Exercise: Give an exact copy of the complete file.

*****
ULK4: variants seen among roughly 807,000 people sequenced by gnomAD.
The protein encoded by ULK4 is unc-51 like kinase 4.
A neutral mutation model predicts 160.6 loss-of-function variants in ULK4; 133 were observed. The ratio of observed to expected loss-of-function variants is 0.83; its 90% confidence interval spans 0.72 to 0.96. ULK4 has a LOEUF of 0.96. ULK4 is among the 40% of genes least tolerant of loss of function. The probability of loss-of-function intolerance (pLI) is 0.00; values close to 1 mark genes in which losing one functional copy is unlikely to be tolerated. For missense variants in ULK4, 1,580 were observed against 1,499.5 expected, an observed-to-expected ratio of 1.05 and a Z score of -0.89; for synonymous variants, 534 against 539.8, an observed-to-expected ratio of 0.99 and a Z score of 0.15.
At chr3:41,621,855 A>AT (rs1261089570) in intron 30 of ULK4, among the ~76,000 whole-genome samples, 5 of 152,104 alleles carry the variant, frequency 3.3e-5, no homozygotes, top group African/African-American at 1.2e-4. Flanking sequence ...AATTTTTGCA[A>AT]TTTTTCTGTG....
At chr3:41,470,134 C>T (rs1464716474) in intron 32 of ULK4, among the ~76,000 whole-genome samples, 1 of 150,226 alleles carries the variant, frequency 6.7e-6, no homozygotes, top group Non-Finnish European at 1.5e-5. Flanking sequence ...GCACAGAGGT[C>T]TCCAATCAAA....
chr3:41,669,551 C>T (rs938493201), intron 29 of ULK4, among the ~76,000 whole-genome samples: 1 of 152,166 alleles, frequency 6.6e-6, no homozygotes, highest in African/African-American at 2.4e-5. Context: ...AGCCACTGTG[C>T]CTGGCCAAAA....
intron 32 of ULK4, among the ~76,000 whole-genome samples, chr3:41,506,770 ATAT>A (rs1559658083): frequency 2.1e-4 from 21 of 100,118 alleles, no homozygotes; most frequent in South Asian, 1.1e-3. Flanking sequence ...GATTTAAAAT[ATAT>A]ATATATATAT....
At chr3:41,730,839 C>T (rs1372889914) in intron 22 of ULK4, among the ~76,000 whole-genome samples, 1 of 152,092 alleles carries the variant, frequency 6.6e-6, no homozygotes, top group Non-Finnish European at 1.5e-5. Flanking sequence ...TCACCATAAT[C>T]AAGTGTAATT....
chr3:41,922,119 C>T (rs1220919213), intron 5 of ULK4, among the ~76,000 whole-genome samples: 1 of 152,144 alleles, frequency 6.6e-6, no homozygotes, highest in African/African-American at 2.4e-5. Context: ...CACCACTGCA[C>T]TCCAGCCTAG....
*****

ULK4: variants seen among roughly 807,000 people sequenced by gnomAD.
The protein encoded by ULK4 is unc-51 like kinase 4.
A neutral mutation model predicts 160.6 loss-of-function variants in ULK4; 133 were observed. The ratio of observed to expected loss-of-function variants is 0.83; its 90% confidence interval spans 0.72 to 0.96. ULK4 has a LOEUF of 0.96. ULK4 is among the 40% of genes least tolerant of loss of function. The probability of loss-of-function intolerance (pLI) is 0.00; values close to 1 mark genes in which losing one functional copy is unlikely to be tolerated. For missense variants in ULK4, 1,580 were observed against 1,499.5 expected, an observed-to-expected ratio of 1.05 and a Z score of -0.89; for synonymous variants, 534 against 539.8, an observed-to-expected ratio of 0.99 and a Z score of 0.15.
At chr3:41,621,855 A>AT (rs1261089570) in intron 30 of ULK4, among the ~76,000 whole-genome samples, 5 of 152,104 alleles carry the variant, frequency 3.3e-5, no homozygotes, top group African/African-American at 1.2e-4. Flanking sequence ...AATTTTTGCA[A>AT]TTTTTCTGTG....
At chr3:41,470,134 C>T (rs1464716474) in intron 32 of ULK4, among the ~76,000 whole-genome samples, 1 of 150,226 alleles carries the variant, frequency 6.7e-6, no homozygotes, top group Non-Finnish European at 1.5e-5. Flanking sequence ...GCACAGAGGT[C>T]TCCAATCAAA....
chr3:41,669,551 C>T (rs938493201), intron 29 of ULK4, among the ~76,000 whole-genome samples: 1 of 152,166 alleles, frequency 6.6e-6, no homozygotes, highest in African/African-American at 2.4e-5. Context: ...AGCCACTGTG[C>T]CTGGCCAAAA....
intron 32 of ULK4, among the ~76,000 whole-genome samples, chr3:41,506,770 ATAT>A (rs1559658083): frequency 2.1e-4 from 21 of 100,118 alleles, no homozygotes; most frequent in South Asian, 1.1e-3. Flanking sequence ...GATTTAAAAT[ATAT>A]ATATATATAT....
At chr3:41,730,839 C>T (rs1372889914) in intron 22 of ULK4, among the ~76,000 whole-genome samples, 1 of 152,092 alleles carries the variant, frequency 6.6e-6, no homozygotes, top group Non-Finnish European at 1.5e-5. Flanking sequence ...TCACCATAAT[C>T]AAGTGTAATT....
chr3:41,922,119 C>T (rs1220919213), intron 5 of ULK4, among the ~76,000 whole-genome samples: 1 of 152,144 alleles, frequency 6.6e-6, no homozygotes, highest in African/African-American at 2.4e-5. Context: ...CACCACTGCA[C>T]TCCAGCCTAG....